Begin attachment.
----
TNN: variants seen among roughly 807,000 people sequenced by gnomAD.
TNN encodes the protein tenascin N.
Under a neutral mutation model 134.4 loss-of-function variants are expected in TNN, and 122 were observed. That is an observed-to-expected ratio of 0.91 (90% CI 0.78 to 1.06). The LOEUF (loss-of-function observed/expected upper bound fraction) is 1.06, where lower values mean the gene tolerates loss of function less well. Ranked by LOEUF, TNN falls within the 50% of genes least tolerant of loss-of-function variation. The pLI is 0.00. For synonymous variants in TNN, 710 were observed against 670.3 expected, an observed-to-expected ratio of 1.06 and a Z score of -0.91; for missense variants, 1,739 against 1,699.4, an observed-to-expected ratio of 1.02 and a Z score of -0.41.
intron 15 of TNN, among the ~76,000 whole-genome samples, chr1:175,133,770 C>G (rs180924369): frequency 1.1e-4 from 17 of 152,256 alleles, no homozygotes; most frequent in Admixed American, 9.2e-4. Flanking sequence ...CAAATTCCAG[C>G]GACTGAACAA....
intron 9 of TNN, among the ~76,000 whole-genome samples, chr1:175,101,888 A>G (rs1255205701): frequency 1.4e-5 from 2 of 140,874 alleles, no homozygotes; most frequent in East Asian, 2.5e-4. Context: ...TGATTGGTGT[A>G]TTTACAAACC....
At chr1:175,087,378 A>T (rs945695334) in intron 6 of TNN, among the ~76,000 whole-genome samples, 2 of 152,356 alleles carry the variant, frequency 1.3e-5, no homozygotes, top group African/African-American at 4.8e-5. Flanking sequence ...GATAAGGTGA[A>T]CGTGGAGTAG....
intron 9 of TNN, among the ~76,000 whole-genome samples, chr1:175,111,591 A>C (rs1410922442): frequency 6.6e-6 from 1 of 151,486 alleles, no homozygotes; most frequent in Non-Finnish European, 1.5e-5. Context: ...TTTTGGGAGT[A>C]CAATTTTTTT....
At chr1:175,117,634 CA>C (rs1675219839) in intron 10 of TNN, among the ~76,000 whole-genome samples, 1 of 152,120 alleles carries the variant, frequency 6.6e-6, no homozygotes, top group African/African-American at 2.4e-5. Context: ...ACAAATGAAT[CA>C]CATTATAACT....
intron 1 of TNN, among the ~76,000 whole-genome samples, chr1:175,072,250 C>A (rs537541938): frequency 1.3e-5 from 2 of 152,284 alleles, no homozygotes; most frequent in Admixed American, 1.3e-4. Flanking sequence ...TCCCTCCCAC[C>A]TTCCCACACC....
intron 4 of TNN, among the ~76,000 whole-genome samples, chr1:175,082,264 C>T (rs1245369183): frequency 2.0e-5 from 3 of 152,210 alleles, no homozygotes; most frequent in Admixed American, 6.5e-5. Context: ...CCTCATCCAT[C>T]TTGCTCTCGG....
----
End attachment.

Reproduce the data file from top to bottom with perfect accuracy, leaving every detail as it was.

TNN: variants seen among roughly 807,000 people sequenced by gnomAD.
TNN encodes the protein tenascin N.
Under a neutral mutation model 134.4 loss-of-function variants are expected in TNN, and 122 were observed. That is an observed-to-expected ratio of 0.91 (90% CI 0.78 to 1.06). The LOEUF (loss-of-function observed/expected upper bound fraction) is 1.06, where lower values mean the gene tolerates loss of function less well. Ranked by LOEUF, TNN falls within the 50% of genes least tolerant of loss-of-function variation. The pLI is 0.00. For synonymous variants in TNN, 710 were observed against 670.3 expected, an observed-to-expected ratio of 1.06 and a Z score of -0.91; for missense variants, 1,739 against 1,699.4, an observed-to-expected ratio of 1.02 and a Z score of -0.41.
intron 15 of TNN, among the ~76,000 whole-genome samples, chr1:175,133,770 C>G (rs180924369): frequency 1.1e-4 from 17 of 152,256 alleles, no homozygotes; most frequent in Admixed American, 9.2e-4. Flanking sequence ...CAAATTCCAG[C>G]GACTGAACAA....
intron 9 of TNN, among the ~76,000 whole-genome samples, chr1:175,101,888 A>G (rs1255205701): frequency 1.4e-5 from 2 of 140,874 alleles, no homozygotes; most frequent in East Asian, 2.5e-4. Context: ...TGATTGGTGT[A>G]TTTACAAACC....
At chr1:175,087,378 A>T (rs945695334) in intron 6 of TNN, among the ~76,000 whole-genome samples, 2 of 152,356 alleles carry the variant, frequency 1.3e-5, no homozygotes, top group African/African-American at 4.8e-5. Flanking sequence ...GATAAGGTGA[A>T]CGTGGAGTAG....
intron 9 of TNN, among the ~76,000 whole-genome samples, chr1:175,111,591 A>C (rs1410922442): frequency 6.6e-6 from 1 of 151,486 alleles, no homozygotes; most frequent in Non-Finnish European, 1.5e-5. Context: ...TTTTGGGAGT[A>C]CAATTTTTTT....
At chr1:175,117,634 CA>C (rs1675219839) in intron 10 of TNN, among the ~76,000 whole-genome samples, 1 of 152,120 alleles carries the variant, frequency 6.6e-6, no homozygotes, top group African/African-American at 2.4e-5. Context: ...ACAAATGAAT[CA>C]CATTATAACT....
intron 1 of TNN, among the ~76,000 whole-genome samples, chr1:175,072,250 C>A (rs537541938): frequency 1.3e-5 from 2 of 152,284 alleles, no homozygotes; most frequent in Admixed American, 1.3e-4. Flanking sequence ...TCCCTCCCAC[C>A]TTCCCACACC....
intron 4 of TNN, among the ~76,000 whole-genome samples, chr1:175,082,264 C>T (rs1245369183): frequency 2.0e-5 from 3 of 152,210 alleles, no homozygotes; most frequent in Admixed American, 6.5e-5. Context: ...CCTCATCCAT[C>T]TTGCTCTCGG....